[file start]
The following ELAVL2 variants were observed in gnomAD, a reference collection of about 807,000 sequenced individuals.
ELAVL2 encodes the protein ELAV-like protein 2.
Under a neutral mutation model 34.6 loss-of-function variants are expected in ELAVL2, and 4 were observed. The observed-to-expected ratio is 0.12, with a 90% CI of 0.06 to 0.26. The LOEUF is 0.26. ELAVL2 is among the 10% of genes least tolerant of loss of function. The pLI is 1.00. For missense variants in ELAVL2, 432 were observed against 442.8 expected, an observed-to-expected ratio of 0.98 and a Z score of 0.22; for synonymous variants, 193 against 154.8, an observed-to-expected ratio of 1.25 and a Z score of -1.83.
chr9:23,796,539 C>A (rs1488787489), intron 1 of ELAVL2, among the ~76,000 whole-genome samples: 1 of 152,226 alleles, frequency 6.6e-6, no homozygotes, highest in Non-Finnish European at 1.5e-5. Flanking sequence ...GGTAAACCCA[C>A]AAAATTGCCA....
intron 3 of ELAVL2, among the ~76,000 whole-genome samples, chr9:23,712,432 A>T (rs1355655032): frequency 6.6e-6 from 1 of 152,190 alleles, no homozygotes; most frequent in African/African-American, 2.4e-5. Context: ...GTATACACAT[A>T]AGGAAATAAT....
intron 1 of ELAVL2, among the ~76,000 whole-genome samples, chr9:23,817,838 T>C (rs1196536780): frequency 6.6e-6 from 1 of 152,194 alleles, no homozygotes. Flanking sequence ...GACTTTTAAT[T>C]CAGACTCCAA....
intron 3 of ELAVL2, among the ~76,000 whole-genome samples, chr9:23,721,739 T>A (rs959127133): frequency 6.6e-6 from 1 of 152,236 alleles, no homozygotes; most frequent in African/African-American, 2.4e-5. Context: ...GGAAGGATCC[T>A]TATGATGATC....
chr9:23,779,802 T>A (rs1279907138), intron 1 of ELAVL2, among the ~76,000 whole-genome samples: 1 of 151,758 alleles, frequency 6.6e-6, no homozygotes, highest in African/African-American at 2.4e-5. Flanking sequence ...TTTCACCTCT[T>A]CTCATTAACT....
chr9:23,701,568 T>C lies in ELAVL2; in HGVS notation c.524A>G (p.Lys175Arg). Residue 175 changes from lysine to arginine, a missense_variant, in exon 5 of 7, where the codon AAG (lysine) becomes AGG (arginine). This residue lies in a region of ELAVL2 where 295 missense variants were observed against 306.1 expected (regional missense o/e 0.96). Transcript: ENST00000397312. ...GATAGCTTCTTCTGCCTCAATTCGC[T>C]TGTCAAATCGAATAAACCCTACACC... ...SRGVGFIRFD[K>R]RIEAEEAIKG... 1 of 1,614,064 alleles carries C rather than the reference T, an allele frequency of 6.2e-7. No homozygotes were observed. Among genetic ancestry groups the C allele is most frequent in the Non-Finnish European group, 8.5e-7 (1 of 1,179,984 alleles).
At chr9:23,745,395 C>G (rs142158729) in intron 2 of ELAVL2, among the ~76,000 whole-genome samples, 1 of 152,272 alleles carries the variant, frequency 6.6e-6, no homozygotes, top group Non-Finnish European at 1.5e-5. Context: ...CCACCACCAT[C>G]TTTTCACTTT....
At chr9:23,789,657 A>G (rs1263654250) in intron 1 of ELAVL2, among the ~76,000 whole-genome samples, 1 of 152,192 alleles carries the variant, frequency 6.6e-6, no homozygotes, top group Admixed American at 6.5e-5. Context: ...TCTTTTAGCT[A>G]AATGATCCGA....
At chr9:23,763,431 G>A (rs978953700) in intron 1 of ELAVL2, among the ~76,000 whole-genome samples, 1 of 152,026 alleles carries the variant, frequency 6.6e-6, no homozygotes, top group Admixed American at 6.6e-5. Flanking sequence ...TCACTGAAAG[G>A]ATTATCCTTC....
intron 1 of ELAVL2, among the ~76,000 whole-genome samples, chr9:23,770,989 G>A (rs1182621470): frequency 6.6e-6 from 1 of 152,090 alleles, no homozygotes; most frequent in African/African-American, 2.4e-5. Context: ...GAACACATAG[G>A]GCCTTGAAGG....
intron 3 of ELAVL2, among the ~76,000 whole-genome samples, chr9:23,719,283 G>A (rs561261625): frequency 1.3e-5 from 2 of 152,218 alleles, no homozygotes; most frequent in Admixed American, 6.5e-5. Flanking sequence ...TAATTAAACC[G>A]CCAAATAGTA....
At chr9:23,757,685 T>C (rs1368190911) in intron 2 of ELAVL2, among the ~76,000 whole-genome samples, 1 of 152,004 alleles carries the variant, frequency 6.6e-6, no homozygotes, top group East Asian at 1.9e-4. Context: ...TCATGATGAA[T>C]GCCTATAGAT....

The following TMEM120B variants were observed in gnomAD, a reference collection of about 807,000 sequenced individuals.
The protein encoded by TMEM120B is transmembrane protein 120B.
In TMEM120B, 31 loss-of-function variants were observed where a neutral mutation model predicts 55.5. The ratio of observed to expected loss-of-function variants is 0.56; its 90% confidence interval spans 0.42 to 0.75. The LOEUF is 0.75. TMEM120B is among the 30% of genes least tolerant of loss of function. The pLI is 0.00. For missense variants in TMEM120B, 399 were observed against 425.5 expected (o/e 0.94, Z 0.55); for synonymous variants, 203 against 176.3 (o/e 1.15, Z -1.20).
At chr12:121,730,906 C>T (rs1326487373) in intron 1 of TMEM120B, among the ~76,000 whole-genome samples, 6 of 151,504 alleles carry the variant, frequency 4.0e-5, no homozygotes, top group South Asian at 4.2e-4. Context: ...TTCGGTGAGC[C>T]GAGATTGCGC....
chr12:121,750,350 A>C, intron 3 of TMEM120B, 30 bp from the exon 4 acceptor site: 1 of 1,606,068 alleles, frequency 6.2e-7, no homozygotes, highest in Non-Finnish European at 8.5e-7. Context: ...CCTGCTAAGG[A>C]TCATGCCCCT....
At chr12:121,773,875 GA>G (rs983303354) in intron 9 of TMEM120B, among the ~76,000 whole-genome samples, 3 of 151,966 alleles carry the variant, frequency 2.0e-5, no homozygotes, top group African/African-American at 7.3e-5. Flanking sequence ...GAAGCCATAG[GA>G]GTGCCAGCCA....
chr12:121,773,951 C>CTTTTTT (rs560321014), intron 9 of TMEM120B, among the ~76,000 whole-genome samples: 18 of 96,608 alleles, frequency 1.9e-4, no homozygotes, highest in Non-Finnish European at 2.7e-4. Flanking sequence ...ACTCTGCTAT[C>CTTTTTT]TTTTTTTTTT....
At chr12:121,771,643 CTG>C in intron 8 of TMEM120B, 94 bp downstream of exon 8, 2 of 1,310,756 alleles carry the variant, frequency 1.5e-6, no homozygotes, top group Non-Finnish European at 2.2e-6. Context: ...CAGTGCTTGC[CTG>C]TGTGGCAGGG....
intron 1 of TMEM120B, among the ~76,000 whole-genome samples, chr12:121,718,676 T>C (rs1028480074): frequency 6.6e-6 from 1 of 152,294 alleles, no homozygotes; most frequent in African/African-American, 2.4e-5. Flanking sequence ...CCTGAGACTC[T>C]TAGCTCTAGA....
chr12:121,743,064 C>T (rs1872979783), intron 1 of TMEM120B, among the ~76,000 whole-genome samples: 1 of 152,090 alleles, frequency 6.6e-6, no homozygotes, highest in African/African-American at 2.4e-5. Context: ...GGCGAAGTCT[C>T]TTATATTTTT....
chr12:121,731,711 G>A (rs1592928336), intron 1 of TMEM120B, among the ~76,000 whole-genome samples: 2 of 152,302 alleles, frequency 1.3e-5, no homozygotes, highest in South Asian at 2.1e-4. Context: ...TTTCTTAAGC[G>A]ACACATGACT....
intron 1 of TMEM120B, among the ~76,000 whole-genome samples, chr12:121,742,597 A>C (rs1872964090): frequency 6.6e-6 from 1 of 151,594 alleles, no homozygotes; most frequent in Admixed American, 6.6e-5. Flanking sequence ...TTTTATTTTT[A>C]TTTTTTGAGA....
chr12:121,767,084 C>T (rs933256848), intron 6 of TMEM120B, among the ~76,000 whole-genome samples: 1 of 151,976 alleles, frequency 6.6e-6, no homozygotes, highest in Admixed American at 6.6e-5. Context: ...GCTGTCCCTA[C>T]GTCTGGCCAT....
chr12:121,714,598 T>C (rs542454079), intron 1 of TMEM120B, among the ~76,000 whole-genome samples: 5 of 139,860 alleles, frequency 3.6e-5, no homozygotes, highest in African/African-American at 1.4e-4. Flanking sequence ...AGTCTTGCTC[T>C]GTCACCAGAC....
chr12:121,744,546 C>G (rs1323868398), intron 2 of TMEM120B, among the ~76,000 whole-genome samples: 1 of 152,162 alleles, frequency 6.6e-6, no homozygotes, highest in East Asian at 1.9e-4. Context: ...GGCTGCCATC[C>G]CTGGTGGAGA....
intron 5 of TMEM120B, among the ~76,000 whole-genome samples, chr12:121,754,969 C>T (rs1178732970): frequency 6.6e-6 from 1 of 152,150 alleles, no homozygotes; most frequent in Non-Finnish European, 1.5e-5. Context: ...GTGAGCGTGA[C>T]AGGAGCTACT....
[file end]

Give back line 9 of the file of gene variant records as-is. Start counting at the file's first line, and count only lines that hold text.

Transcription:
chr9:23,701,568 T>C lies in ELAVL2; in HGVS notation c.524A>G (p.Lys175Arg). Residue 175 changes from lysine to arginine, a missense_variant, in exon 5 of 7, where the codon AAG (lysine) becomes AGG (arginine). This residue lies in a region of ELAVL2 where 295 missense variants were observed against 306.1 expected (regional missense o/e 0.96). Transcript: ENST00000397312. ...GATAGCTTCTTCTGCCTCAATTCGC[T>C]TGTCAAATCGAATAAACCCTACACC... ...SRGVGFIRFD[K>R]RIEAEEAIKG... 1 of 1,614,064 alleles carries C rather than the reference T, an allele frequency of 6.2e-7. No homozygotes were observed. Among genetic ancestry groups the C allele is most frequent in the Non-Finnish European group, 8.5e-7 (1 of 1,179,984 alleles).